It is in our nature to question things. Often, we question God’s goodness because of things in the world we don’t like. We wonder if God is fair. We often forget that we actually don’t want God to be fair because we would be in a world of hurt if he was. Today’s Psalm reminds us that God is faithful even when we’re sinful. This is the kind of unfair we can really get behind.
- 12-23 – God makes it clear that any one of the four acts of destroying an unfaithful city would suffice, but he has committed to all four acts against Jerusalem.
- 1-8 – The vine is Jerusalem. God makes it clear that Jerusalem will be completely useless and easy to destroy now that it is separated from God.
- 1-14 – God reminds Jerusalem that it is he who made the city great. It was nothing without him.
- 15-22 – When they refer to Jerusalem “whoring”, it means that Jerusalem would give itself to any available idol worship or other god that presented itself. Jerusalem was not faithful to God.
- 30-34 – God explains that Jerusalem’s actions weren’t even as beneficial as a prostitute’s. Even a prostitute gets some reward for her sins.
- 18-22 – This is a continuation of yesterday’s comparison between Melchizedek and Jesus. This continues to describe Jesus as superior to Melchizedek.
- 28 – God still uses sinful people for his purposes, but we still have to look to Jesus, who was perfect, for salvation.
- 6-12 – This psalm reminds us of God’s faithfulness even in the midst of our failings.
- 5 – Open rebuke gives a person an opportunity to self-correct. Hidden love has good intentions but doesn’t actually help the other out.
It is pretty typical of people in my generation, who have a transformative faith experience as adults to point a finger at the church they grew up in saying, “We never talked about Jesus” or “I never really heard the gospel”, etc. I think this is false. I think it would be better stated from most of these people to say, “I never listened.” Today’s Hebrews reading explains to us that many of us hear the gospel but fail to listen so it has to be repeated over and over until we finally decide to let it sink in.
- 1-13 – God declares a day of wrath and reckoning.
- 14-22 – This section describes the shame and consequences that will fall upon the people during the wrath.
- 1-18 – The Lord, in a vision, takes Ezekiel on a tour of the sinful, idolatrous acts the Israelites were committing in the temple.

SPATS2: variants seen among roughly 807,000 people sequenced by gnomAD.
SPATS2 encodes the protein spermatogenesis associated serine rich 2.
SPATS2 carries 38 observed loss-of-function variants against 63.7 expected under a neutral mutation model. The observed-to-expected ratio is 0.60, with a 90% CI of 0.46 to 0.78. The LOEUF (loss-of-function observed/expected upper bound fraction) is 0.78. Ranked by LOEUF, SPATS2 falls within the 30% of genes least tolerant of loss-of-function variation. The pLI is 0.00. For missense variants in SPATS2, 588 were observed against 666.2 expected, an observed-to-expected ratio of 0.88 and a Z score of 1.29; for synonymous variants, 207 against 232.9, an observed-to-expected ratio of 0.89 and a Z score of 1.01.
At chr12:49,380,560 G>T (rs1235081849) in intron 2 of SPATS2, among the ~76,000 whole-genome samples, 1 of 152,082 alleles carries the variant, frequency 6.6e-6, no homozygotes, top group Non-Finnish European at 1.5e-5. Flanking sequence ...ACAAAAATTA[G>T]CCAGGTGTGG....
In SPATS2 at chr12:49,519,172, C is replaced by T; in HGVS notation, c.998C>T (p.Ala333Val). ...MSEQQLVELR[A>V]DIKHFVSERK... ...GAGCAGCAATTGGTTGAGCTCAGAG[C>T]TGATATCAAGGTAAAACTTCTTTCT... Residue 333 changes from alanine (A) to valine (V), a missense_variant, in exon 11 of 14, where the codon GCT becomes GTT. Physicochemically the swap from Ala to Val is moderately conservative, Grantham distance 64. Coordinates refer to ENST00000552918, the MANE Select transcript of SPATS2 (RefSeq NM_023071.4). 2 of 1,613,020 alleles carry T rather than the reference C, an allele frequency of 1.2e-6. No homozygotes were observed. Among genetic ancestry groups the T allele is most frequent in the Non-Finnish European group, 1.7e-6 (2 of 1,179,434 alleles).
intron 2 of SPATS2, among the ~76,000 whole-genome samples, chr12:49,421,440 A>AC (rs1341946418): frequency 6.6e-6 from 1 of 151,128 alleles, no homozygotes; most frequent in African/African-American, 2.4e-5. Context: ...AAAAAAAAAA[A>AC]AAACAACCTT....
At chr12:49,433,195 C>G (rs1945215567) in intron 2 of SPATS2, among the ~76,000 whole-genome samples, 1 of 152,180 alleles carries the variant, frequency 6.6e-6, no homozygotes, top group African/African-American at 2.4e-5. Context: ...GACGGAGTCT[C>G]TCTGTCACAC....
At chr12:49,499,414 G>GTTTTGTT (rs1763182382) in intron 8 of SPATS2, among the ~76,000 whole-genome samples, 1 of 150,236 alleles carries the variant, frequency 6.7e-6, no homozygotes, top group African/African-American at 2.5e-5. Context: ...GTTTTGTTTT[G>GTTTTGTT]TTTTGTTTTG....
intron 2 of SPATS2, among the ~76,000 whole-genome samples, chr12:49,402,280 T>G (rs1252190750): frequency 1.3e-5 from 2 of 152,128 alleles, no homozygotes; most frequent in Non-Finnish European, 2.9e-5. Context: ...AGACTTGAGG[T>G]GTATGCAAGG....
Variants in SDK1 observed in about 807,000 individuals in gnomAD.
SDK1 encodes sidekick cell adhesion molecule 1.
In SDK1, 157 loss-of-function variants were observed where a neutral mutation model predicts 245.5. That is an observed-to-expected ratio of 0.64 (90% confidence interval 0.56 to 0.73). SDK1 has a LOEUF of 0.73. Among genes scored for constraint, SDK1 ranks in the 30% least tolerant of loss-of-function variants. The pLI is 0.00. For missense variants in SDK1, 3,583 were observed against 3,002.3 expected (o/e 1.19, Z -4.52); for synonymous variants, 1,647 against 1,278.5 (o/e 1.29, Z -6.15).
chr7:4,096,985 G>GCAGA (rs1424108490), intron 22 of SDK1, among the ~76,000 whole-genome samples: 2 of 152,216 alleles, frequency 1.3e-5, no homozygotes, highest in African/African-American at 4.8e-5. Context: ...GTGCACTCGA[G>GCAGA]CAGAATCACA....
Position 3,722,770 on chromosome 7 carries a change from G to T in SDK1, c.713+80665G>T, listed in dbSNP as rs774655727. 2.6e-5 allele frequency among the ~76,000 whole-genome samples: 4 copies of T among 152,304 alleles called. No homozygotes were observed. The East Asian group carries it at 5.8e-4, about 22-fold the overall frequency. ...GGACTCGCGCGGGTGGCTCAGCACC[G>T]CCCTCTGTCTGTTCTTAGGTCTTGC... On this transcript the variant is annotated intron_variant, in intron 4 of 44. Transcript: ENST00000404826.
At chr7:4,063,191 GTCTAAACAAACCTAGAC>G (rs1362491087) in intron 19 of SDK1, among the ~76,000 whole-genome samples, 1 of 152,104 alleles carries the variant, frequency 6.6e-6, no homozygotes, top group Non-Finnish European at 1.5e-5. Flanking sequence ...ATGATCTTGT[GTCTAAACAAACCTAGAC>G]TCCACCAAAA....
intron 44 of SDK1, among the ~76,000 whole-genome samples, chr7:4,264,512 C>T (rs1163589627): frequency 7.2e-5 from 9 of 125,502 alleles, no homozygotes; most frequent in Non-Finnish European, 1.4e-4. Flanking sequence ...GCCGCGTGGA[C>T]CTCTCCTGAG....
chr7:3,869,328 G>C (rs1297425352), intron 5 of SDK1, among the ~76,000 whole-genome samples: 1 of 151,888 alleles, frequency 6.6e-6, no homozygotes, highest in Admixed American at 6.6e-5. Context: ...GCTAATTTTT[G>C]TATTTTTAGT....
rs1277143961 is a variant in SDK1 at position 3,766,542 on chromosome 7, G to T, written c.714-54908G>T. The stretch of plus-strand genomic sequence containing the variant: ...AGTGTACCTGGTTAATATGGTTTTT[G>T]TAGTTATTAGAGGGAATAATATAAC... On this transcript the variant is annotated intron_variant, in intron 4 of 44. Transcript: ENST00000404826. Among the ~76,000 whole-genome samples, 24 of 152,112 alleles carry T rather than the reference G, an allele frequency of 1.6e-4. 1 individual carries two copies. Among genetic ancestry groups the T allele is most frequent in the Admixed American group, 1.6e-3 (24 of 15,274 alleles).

- 1-11 – This section is reminiscent of the Passover where you needed a certain sign to be saved. God said that the folks who did not approve of the abominations happening in the temple would receive a mark on their head and be saved while all others would be struck down.
- 7-10 – This may sound like Jesus was, at one point, not perfect. This is not the case. Instead, these verses suggest that Jesus did not have an easy path but still had to live and experience the challenges of human life and gain knowledge and experience.
- 11-14 – This is so true of all of us. We hear and should be moved and changed by the gospel. Often we just hear it and do not allow it to change us. This causes us to need to hear the same soft message over and over.
- This psalm, like several others, implores others to praise God and then reminds them of reasons why they should.
- Empty flattery does no good for anyone.
You know when you watch someone succeed from dishonest gain and it seems so unfair? Babylon was a lot like that. They were committed to idolatry, took on a lot of unfortunate practices, and still seemed to win a lot of battles and gain a lot of ground. But in today’s Jeremiah reading, God offers great imagery explaining how their success will be short-lived.
- 2 – Winnowing was part of harvesting wheat. Winnowers would throw the wheat and chaff (trash) in the air. The wheat would settle into the container while the chaff would blow away. This reference is to say that Babylon is about to be blown away like chaff.
- 7-10 – Though Babylon had seen a lot of success, it’s end was coming. God proclaimed destruction on them.
- 17-19 – The comparison between worshipping God and worshipping manmade idols continues. It is laughable to worship something you can make yourself.
- 34-44 – Babylon’s glory would soon fade. What was once revered would now be a desolate laughing stock.
- 1-8 – Paul’s rules of how various people should act and live were not simply to have rules, but in order to assure no one could have anything to say against the believers.
- 11-14 – God’s grace is given to us for a purpose. It is to cause us to get rid of sinful acts and in order to redeem us and set us up for good works that will bless others.
- 9 – These kinds of verses remind us that we aren’t worshipping just to check a box or because God needs us. God’s holiness is so incredible that it causes us to need to worship.
- When we step into minor quibbles that are not our business it is ultimately harmful and unnecessary.